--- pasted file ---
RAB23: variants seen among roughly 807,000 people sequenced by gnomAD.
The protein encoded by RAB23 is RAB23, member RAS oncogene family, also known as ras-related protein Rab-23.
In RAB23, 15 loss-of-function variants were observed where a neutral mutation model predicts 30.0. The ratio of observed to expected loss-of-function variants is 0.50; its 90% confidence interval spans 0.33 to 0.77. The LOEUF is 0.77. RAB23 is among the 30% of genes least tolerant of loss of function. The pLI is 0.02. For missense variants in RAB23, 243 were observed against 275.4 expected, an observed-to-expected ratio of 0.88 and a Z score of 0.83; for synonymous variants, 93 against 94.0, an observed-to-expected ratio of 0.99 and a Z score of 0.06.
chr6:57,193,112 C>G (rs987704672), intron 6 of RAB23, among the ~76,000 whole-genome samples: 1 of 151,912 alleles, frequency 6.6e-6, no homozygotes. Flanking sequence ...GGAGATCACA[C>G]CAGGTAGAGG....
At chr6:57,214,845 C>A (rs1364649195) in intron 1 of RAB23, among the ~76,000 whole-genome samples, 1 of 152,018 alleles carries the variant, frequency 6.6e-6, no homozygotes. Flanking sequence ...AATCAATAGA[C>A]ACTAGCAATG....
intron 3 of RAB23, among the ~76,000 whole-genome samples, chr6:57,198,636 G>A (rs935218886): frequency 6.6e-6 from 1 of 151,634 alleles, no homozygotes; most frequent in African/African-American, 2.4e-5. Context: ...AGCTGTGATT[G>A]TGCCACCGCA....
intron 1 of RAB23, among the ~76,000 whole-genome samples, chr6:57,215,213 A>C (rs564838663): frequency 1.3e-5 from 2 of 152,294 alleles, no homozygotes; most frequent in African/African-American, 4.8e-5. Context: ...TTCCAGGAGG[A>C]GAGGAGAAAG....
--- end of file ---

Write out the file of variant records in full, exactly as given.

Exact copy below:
RAB23: variants seen among roughly 807,000 people sequenced by gnomAD.
The protein encoded by RAB23 is RAB23, member RAS oncogene family, also known as ras-related protein Rab-23.
In RAB23, 15 loss-of-function variants were observed where a neutral mutation model predicts 30.0. The ratio of observed to expected loss-of-function variants is 0.50; its 90% confidence interval spans 0.33 to 0.77. The LOEUF is 0.77. RAB23 is among the 30% of genes least tolerant of loss of function. The pLI is 0.02. For missense variants in RAB23, 243 were observed against 275.4 expected, an observed-to-expected ratio of 0.88 and a Z score of 0.83; for synonymous variants, 93 against 94.0, an observed-to-expected ratio of 0.99 and a Z score of 0.06.
chr6:57,193,112 C>G (rs987704672), intron 6 of RAB23, among the ~76,000 whole-genome samples: 1 of 151,912 alleles, frequency 6.6e-6, no homozygotes. Flanking sequence ...GGAGATCACA[C>G]CAGGTAGAGG....
At chr6:57,214,845 C>A (rs1364649195) in intron 1 of RAB23, among the ~76,000 whole-genome samples, 1 of 152,018 alleles carries the variant, frequency 6.6e-6, no homozygotes. Flanking sequence ...AATCAATAGA[C>A]ACTAGCAATG....
intron 3 of RAB23, among the ~76,000 whole-genome samples, chr6:57,198,636 G>A (rs935218886): frequency 6.6e-6 from 1 of 151,634 alleles, no homozygotes; most frequent in African/African-American, 2.4e-5. Context: ...AGCTGTGATT[G>A]TGCCACCGCA....
intron 1 of RAB23, among the ~76,000 whole-genome samples, chr6:57,215,213 A>C (rs564838663): frequency 1.3e-5 from 2 of 152,294 alleles, no homozygotes; most frequent in African/African-American, 4.8e-5. Context: ...TTCCAGGAGG[A>C]GAGGAGAAAG....